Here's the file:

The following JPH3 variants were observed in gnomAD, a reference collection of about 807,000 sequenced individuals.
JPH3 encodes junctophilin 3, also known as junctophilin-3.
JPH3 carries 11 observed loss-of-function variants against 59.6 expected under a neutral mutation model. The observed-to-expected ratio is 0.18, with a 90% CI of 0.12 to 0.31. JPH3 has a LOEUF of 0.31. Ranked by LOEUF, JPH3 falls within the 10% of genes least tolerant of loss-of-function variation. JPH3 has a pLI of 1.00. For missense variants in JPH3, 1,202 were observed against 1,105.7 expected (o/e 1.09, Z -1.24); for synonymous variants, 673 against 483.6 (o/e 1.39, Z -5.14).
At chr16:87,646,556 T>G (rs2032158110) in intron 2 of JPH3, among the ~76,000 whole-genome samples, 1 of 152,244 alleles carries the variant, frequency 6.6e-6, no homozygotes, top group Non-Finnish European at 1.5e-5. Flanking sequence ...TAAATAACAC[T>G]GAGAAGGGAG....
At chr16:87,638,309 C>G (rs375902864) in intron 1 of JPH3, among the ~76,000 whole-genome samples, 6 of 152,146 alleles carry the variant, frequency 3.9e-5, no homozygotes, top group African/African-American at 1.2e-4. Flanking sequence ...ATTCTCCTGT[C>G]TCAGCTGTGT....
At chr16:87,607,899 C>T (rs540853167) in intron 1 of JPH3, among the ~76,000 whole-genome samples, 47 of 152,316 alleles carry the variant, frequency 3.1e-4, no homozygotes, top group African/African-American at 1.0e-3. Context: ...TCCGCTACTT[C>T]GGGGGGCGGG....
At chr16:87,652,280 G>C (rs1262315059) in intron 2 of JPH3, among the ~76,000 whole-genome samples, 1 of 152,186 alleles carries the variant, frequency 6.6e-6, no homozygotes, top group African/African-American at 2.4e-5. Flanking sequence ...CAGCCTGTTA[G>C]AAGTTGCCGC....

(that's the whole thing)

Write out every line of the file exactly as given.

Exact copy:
The following JPH3 variants were observed in gnomAD, a reference collection of about 807,000 sequenced individuals.
JPH3 encodes junctophilin 3, also known as junctophilin-3.
JPH3 carries 11 observed loss-of-function variants against 59.6 expected under a neutral mutation model. The observed-to-expected ratio is 0.18, with a 90% CI of 0.12 to 0.31. JPH3 has a LOEUF of 0.31. Ranked by LOEUF, JPH3 falls within the 10% of genes least tolerant of loss-of-function variation. JPH3 has a pLI of 1.00. For missense variants in JPH3, 1,202 were observed against 1,105.7 expected (o/e 1.09, Z -1.24); for synonymous variants, 673 against 483.6 (o/e 1.39, Z -5.14).
At chr16:87,646,556 T>G (rs2032158110) in intron 2 of JPH3, among the ~76,000 whole-genome samples, 1 of 152,244 alleles carries the variant, frequency 6.6e-6, no homozygotes, top group Non-Finnish European at 1.5e-5. Flanking sequence ...TAAATAACAC[T>G]GAGAAGGGAG....
At chr16:87,638,309 C>G (rs375902864) in intron 1 of JPH3, among the ~76,000 whole-genome samples, 6 of 152,146 alleles carry the variant, frequency 3.9e-5, no homozygotes, top group African/African-American at 1.2e-4. Flanking sequence ...ATTCTCCTGT[C>G]TCAGCTGTGT....
At chr16:87,607,899 C>T (rs540853167) in intron 1 of JPH3, among the ~76,000 whole-genome samples, 47 of 152,316 alleles carry the variant, frequency 3.1e-4, no homozygotes, top group African/African-American at 1.0e-3. Context: ...TCCGCTACTT[C>T]GGGGGGCGGG....
At chr16:87,652,280 G>C (rs1262315059) in intron 2 of JPH3, among the ~76,000 whole-genome samples, 1 of 152,186 alleles carries the variant, frequency 6.6e-6, no homozygotes, top group African/African-American at 2.4e-5. Flanking sequence ...CAGCCTGTTA[G>C]AAGTTGCCGC....